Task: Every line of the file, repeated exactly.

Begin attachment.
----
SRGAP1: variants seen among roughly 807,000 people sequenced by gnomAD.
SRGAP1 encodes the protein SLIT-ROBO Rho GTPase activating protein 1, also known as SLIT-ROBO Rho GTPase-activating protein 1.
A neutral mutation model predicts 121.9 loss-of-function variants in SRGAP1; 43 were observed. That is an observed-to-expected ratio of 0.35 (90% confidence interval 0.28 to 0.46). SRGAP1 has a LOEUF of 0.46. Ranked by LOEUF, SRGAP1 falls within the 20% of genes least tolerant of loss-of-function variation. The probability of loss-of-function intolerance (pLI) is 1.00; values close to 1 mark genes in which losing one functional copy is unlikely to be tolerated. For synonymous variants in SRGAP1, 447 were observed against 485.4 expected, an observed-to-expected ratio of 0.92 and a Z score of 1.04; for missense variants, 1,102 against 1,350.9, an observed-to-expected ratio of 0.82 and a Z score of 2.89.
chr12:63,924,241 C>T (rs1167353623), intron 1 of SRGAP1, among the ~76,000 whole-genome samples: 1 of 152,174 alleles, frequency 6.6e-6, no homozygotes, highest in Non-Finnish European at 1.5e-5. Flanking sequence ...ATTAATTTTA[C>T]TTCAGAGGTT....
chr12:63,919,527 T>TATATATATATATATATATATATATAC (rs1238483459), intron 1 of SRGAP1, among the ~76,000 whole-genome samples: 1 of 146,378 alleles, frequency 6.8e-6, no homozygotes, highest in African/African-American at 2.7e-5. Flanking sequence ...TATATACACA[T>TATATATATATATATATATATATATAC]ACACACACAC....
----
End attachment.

SRGAP1: variants seen among roughly 807,000 people sequenced by gnomAD.
SRGAP1 encodes the protein SLIT-ROBO Rho GTPase activating protein 1, also known as SLIT-ROBO Rho GTPase-activating protein 1.
A neutral mutation model predicts 121.9 loss-of-function variants in SRGAP1; 43 were observed. That is an observed-to-expected ratio of 0.35 (90% confidence interval 0.28 to 0.46). SRGAP1 has a LOEUF of 0.46. Ranked by LOEUF, SRGAP1 falls within the 20% of genes least tolerant of loss-of-function variation. The probability of loss-of-function intolerance (pLI) is 1.00; values close to 1 mark genes in which losing one functional copy is unlikely to be tolerated. For synonymous variants in SRGAP1, 447 were observed against 485.4 expected, an observed-to-expected ratio of 0.92 and a Z score of 1.04; for missense variants, 1,102 against 1,350.9, an observed-to-expected ratio of 0.82 and a Z score of 2.89.
chr12:63,924,241 C>T (rs1167353623), intron 1 of SRGAP1, among the ~76,000 whole-genome samples: 1 of 152,174 alleles, frequency 6.6e-6, no homozygotes, highest in Non-Finnish European at 1.5e-5. Flanking sequence ...ATTAATTTTA[C>T]TTCAGAGGTT....
chr12:63,919,527 T>TATATATATATATATATATATATATAC (rs1238483459), intron 1 of SRGAP1, among the ~76,000 whole-genome samples: 1 of 146,378 alleles, frequency 6.8e-6, no homozygotes, highest in African/African-American at 2.7e-5. Flanking sequence ...TATATACACA[T>TATATATATATATATATATATATATAC]ACACACACAC....